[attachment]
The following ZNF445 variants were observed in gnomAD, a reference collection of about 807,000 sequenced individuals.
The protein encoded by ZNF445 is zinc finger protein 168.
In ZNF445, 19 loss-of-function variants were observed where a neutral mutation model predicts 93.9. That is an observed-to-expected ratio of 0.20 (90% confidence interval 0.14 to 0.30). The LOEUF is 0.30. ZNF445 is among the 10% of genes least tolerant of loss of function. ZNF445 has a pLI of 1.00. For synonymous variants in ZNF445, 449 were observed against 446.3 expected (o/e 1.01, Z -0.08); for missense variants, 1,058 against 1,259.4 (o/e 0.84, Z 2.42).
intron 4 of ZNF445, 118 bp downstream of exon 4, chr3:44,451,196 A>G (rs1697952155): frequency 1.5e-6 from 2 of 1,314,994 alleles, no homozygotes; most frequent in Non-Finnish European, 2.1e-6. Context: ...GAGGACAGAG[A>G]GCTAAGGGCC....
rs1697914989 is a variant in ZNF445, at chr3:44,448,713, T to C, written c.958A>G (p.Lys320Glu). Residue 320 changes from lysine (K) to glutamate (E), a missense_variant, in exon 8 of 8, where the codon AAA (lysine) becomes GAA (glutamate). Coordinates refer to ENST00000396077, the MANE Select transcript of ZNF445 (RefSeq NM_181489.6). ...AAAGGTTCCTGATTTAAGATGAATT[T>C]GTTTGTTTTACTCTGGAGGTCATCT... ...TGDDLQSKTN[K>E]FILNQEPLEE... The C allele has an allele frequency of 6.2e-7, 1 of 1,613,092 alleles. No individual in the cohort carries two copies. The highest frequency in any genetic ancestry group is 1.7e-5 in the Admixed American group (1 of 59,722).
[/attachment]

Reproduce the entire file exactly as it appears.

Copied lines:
The following ZNF445 variants were observed in gnomAD, a reference collection of about 807,000 sequenced individuals.
The protein encoded by ZNF445 is zinc finger protein 168.
In ZNF445, 19 loss-of-function variants were observed where a neutral mutation model predicts 93.9. That is an observed-to-expected ratio of 0.20 (90% confidence interval 0.14 to 0.30). The LOEUF is 0.30. ZNF445 is among the 10% of genes least tolerant of loss of function. ZNF445 has a pLI of 1.00. For synonymous variants in ZNF445, 449 were observed against 446.3 expected (o/e 1.01, Z -0.08); for missense variants, 1,058 against 1,259.4 (o/e 0.84, Z 2.42).
intron 4 of ZNF445, 118 bp downstream of exon 4, chr3:44,451,196 A>G (rs1697952155): frequency 1.5e-6 from 2 of 1,314,994 alleles, no homozygotes; most frequent in Non-Finnish European, 2.1e-6. Context: ...GAGGACAGAG[A>G]GCTAAGGGCC....
rs1697914989 is a variant in ZNF445, at chr3:44,448,713, T to C, written c.958A>G (p.Lys320Glu). Residue 320 changes from lysine (K) to glutamate (E), a missense_variant, in exon 8 of 8, where the codon AAA (lysine) becomes GAA (glutamate). Coordinates refer to ENST00000396077, the MANE Select transcript of ZNF445 (RefSeq NM_181489.6). ...AAAGGTTCCTGATTTAAGATGAATT[T>C]GTTTGTTTTACTCTGGAGGTCATCT... ...TGDDLQSKTN[K>E]FILNQEPLEE... The C allele has an allele frequency of 6.2e-7, 1 of 1,613,092 alleles. No individual in the cohort carries two copies. The highest frequency in any genetic ancestry group is 1.7e-5 in the Admixed American group (1 of 59,722).